I was upset with the uncertainty of my living arrangements, so I ignored everything external and meditated for a couple months. Then all of a sudden I was presented with a new place to live and began wheeling boxes into a truck a couple days later – then I lost myself in the physicality of the process for a few weeks. Now, after finishing with the boxes, and moving into a “cozier” place, I feel more at ease.
My point is this: ignoring the problem worked. But the caveat is this: ignoring the problem was a full-time project. I meditated three times per day, I constantly wrestled my mind away from problem-related thoughts, and I stopped myself from trying to “fix” the problem via external means (which required me to maintain a faith in the dreamlike-nature of reality).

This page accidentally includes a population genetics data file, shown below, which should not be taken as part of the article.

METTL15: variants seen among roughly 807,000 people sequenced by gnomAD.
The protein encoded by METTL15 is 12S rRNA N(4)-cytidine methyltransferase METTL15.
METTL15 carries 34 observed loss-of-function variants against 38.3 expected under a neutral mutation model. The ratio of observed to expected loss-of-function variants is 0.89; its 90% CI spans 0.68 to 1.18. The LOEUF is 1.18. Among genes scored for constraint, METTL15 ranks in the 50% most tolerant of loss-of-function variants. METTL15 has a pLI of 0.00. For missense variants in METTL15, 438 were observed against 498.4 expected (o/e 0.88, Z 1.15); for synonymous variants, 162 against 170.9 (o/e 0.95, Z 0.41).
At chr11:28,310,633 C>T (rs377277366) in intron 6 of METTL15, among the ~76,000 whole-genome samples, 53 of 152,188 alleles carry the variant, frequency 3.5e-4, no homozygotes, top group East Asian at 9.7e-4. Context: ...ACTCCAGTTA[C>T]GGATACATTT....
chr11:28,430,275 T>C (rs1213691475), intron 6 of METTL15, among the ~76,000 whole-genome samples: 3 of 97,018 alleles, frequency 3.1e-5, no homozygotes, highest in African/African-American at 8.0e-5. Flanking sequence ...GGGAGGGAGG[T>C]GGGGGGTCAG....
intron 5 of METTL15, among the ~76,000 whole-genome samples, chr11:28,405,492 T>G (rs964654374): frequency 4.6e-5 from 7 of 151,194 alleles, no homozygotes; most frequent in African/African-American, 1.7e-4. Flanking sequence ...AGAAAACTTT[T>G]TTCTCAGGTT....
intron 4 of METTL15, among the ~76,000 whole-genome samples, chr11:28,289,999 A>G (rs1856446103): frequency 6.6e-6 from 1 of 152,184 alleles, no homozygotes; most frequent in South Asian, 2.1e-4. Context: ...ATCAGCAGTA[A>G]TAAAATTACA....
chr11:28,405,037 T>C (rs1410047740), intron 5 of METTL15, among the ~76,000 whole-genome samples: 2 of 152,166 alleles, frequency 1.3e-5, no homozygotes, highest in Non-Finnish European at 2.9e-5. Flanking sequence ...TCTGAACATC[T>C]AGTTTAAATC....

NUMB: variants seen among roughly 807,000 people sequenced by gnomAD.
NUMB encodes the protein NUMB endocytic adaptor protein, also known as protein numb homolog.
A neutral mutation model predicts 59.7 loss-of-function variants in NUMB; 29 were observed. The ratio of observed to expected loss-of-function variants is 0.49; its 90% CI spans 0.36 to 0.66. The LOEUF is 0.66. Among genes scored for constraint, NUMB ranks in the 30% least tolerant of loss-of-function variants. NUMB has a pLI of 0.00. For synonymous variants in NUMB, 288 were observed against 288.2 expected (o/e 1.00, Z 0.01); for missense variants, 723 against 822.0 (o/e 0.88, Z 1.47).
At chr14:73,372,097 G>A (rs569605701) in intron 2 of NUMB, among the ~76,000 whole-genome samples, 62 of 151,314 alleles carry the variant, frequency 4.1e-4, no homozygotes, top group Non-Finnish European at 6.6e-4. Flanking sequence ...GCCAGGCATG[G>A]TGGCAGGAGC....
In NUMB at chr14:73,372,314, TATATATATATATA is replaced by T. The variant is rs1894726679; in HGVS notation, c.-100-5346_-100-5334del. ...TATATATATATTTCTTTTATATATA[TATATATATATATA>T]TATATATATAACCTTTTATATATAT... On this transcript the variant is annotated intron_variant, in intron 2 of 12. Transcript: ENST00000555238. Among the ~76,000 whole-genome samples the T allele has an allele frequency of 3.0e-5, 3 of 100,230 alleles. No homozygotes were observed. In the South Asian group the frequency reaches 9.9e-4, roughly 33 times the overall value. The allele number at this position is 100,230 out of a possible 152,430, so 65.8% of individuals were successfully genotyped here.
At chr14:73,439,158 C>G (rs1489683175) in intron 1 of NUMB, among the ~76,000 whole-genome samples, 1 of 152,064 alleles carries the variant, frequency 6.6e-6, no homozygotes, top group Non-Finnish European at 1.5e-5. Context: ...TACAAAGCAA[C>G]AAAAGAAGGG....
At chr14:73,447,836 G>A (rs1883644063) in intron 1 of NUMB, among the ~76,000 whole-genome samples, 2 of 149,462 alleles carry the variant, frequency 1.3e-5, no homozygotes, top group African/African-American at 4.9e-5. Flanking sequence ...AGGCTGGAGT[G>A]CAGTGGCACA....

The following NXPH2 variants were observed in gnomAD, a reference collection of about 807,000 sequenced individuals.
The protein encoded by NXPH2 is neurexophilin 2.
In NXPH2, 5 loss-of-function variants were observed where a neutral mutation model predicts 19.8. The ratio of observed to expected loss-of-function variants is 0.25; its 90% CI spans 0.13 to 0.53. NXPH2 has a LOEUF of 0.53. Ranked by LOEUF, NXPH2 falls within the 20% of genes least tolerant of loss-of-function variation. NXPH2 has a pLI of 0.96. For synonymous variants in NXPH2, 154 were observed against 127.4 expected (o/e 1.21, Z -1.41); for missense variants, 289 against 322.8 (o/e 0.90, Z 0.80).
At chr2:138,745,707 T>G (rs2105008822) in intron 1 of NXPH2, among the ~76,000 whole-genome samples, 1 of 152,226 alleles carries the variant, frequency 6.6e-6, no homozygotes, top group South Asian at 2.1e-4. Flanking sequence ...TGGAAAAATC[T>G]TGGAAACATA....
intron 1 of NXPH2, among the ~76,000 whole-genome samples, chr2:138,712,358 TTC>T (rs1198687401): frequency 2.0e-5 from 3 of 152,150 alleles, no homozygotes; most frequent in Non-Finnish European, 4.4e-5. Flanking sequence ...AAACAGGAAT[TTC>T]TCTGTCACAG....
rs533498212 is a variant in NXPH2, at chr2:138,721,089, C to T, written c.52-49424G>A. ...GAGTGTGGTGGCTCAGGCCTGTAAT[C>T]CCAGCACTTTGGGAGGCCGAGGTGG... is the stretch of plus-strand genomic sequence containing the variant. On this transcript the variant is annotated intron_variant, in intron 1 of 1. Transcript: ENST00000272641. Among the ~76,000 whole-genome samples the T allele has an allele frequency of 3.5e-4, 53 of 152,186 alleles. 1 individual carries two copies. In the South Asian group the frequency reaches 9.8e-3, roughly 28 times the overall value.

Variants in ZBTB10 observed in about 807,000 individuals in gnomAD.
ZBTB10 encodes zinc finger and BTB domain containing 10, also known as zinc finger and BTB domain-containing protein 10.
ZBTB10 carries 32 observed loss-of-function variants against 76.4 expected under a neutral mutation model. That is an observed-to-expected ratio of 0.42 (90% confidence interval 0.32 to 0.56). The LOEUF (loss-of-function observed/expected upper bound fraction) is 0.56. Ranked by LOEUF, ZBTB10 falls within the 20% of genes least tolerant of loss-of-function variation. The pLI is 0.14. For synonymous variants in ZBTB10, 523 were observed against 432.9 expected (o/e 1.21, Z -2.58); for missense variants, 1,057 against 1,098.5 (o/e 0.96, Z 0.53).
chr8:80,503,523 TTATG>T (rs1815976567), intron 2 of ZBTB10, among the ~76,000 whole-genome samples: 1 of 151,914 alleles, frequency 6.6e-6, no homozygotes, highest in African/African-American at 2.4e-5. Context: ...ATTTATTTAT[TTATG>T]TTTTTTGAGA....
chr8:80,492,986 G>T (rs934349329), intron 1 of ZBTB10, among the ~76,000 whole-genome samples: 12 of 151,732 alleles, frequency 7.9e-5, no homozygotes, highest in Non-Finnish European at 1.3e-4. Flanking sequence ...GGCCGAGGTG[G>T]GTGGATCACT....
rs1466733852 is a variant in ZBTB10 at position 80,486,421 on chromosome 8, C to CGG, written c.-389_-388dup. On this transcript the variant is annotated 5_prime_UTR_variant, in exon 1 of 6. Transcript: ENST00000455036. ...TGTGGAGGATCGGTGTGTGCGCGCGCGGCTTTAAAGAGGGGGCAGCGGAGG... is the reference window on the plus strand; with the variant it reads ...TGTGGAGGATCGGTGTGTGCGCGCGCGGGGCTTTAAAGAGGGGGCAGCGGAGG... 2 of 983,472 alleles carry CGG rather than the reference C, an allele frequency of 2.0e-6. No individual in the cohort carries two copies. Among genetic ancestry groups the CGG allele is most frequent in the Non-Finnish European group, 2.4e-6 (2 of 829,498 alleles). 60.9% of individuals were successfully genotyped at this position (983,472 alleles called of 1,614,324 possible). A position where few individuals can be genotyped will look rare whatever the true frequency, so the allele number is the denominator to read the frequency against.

I suppose on the outside, it would look like I was depressed, just a guy sitting around all day not doing much. But on the inside, I was waging war against my mind. Instead of listening to all the antagonizing and pessimistic thoughts my mind could conjure, I fought back, whack-a-mole-ing every one down as it popped up. Then, like clouds clearing after a large and lingering storm, it was over.
But Rich, won’t ignoring a problem cause it to fester on the inside, eventually rupturing into an unmanageable mess? Not in my experience. From what I’ve seen, the problem just fades away and the original condition is replaced with something better. But like I said, the problem must be completely ignored in every way and at all times – which is not an easy task to accomplish.